• High body temperature: A dog’s average body temperature should be between 99.5 and 102.5 °F (37.5 and 39.2 °C). If it is above this level, he is overheated. Purchase a dog thermometer so you can easily keep track of your dog’s temperature.
  • Excessive drooling: While a certain amount of drooling is normal, your dog may drool excessively if overheated. However, some dog breeds drool more than others, such as Basset Hounds, Boxers, Bloodhounds, and Bulldogs, so you should find out how much drooling is typical for your dog.
  • Irregular heartbeat: The average heart rate of dogs is 60 to 140 beats per minute. However, heat stroke can cause a faster or irregular heartbeat. Find out how to measure your dog’s heart rate so you can determine if it is faster or more irregular than normal.
  • Vomiting: There are, of course, a number of factors that can trigger vomiting.
    But if it’s accompanied by other symptoms of heat stroke, your dog may need to see a veterinarian.
  • Reddened gums: A dog’s gums are usually a light pink or salmon color. However, if your dog’s gums are bright cherry red, this may be a sign of overheating.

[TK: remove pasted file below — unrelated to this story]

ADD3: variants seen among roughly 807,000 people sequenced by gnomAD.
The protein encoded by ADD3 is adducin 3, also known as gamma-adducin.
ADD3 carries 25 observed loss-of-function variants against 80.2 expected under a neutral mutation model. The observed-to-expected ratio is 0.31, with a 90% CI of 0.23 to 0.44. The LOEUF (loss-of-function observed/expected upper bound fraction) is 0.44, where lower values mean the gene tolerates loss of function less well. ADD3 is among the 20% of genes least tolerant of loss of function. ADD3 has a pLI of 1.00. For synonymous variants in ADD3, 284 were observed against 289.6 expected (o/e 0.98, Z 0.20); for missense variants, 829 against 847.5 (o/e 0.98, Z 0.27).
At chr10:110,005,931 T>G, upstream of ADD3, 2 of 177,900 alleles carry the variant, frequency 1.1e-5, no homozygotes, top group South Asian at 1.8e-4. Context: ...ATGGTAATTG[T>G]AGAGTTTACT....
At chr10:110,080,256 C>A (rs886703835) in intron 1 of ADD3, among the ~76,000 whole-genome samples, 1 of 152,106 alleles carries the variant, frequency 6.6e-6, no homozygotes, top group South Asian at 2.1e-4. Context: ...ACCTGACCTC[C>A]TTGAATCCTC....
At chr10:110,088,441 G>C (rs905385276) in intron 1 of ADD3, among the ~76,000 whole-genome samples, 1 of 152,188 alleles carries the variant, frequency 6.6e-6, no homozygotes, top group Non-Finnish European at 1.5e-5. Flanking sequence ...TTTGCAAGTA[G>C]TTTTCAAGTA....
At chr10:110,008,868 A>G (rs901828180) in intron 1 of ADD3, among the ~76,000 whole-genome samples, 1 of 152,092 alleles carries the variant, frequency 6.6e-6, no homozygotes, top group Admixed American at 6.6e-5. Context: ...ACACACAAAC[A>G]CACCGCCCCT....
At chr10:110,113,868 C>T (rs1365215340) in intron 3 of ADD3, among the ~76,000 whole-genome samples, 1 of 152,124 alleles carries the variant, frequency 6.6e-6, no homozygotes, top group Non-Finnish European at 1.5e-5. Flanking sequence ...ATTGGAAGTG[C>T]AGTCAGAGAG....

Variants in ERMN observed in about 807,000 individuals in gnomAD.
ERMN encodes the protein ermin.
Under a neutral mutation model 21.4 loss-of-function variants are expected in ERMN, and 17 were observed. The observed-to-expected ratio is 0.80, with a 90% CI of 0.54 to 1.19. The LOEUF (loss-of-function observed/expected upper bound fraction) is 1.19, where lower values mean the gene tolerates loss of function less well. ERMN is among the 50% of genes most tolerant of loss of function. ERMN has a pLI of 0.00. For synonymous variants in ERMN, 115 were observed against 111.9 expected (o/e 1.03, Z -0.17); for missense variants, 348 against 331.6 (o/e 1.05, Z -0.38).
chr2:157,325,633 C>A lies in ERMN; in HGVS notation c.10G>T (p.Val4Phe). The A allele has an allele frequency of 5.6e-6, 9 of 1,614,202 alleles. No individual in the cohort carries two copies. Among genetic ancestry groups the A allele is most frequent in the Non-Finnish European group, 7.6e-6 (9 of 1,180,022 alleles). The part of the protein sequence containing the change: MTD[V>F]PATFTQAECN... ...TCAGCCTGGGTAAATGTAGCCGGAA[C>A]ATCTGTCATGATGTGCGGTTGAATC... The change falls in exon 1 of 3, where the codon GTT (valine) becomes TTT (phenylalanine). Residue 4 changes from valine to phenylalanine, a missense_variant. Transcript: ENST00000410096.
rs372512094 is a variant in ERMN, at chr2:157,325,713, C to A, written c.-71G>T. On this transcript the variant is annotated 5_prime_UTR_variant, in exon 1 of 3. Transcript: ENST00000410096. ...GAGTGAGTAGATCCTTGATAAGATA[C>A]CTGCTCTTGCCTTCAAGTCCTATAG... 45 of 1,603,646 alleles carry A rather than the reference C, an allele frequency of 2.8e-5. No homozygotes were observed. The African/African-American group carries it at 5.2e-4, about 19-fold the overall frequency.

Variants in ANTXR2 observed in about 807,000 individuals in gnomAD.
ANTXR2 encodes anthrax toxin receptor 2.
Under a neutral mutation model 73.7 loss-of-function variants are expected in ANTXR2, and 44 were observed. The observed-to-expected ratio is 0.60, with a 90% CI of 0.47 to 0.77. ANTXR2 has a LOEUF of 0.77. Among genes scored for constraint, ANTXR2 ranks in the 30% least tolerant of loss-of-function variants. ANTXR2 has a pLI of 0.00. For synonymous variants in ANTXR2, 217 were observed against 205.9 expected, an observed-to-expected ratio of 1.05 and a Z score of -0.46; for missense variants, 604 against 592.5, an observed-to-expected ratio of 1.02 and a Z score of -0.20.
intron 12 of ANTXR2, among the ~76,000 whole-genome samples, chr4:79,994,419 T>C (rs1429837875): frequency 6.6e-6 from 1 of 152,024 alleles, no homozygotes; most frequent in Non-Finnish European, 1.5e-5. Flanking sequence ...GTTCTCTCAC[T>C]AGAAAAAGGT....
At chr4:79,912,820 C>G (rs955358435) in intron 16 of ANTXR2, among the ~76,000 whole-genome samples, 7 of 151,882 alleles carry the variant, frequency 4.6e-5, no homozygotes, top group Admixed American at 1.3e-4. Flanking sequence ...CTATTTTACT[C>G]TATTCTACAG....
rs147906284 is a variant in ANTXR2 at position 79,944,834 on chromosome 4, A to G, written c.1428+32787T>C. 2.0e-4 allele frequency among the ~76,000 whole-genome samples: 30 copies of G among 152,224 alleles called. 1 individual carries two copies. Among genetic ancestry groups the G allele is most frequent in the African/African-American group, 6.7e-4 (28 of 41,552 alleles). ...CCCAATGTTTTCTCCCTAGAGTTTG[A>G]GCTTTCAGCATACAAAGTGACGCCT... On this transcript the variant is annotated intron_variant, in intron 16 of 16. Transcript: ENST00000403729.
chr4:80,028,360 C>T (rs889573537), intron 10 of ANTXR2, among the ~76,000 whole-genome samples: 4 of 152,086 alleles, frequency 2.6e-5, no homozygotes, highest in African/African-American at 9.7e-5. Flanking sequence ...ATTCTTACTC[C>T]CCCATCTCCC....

• Muscle tremors: As heat stroke progresses, you may notice that your dog’s muscles begin to shake and twitch.
  • Seizures: Heat stroke can cause your dog to stumble, collapse, lose consciousness, or convulse.

What Should I Do if My Dog is Overheated?

If your dog shows signs of heat stroke, seek veterinary care immediately. Call ahead and make sure your dog stays cool while in the car.

It is not recommended to immerse your dog in cold water or use ice packs. This can cause blood vessels to constrict, which initially leads to decreased heat output.

Instead, place your dog on a cooling mat and wet it with room-warm or cold water.
If possible, point a fan at the dog.

How to Protect Your Dog from Overheating